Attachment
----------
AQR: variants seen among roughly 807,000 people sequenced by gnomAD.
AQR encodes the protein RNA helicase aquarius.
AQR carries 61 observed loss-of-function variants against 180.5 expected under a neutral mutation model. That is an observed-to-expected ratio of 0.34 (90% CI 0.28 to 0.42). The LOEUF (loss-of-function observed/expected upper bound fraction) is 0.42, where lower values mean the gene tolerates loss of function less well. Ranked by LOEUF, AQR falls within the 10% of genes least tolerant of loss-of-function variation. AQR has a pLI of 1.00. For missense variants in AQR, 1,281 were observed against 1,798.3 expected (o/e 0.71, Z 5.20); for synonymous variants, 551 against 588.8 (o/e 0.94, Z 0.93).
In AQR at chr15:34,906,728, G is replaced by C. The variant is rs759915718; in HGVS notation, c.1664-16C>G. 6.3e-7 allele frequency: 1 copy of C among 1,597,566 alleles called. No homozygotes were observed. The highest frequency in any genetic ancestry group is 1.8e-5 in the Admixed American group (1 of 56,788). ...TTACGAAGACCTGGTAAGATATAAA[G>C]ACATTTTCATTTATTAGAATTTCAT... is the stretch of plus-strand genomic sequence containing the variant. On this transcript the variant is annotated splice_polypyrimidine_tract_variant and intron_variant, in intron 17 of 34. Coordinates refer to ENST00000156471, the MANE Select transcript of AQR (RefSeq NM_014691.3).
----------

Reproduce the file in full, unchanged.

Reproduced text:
AQR: variants seen among roughly 807,000 people sequenced by gnomAD.
AQR encodes the protein RNA helicase aquarius.
AQR carries 61 observed loss-of-function variants against 180.5 expected under a neutral mutation model. That is an observed-to-expected ratio of 0.34 (90% CI 0.28 to 0.42). The LOEUF (loss-of-function observed/expected upper bound fraction) is 0.42, where lower values mean the gene tolerates loss of function less well. Ranked by LOEUF, AQR falls within the 10% of genes least tolerant of loss-of-function variation. AQR has a pLI of 1.00. For missense variants in AQR, 1,281 were observed against 1,798.3 expected (o/e 0.71, Z 5.20); for synonymous variants, 551 against 588.8 (o/e 0.94, Z 0.93).
In AQR at chr15:34,906,728, G is replaced by C. The variant is rs759915718; in HGVS notation, c.1664-16C>G. 6.3e-7 allele frequency: 1 copy of C among 1,597,566 alleles called. No homozygotes were observed. The highest frequency in any genetic ancestry group is 1.8e-5 in the Admixed American group (1 of 56,788). ...TTACGAAGACCTGGTAAGATATAAA[G>C]ACATTTTCATTTATTAGAATTTCAT... is the stretch of plus-strand genomic sequence containing the variant. On this transcript the variant is annotated splice_polypyrimidine_tract_variant and intron_variant, in intron 17 of 34. Coordinates refer to ENST00000156471, the MANE Select transcript of AQR (RefSeq NM_014691.3).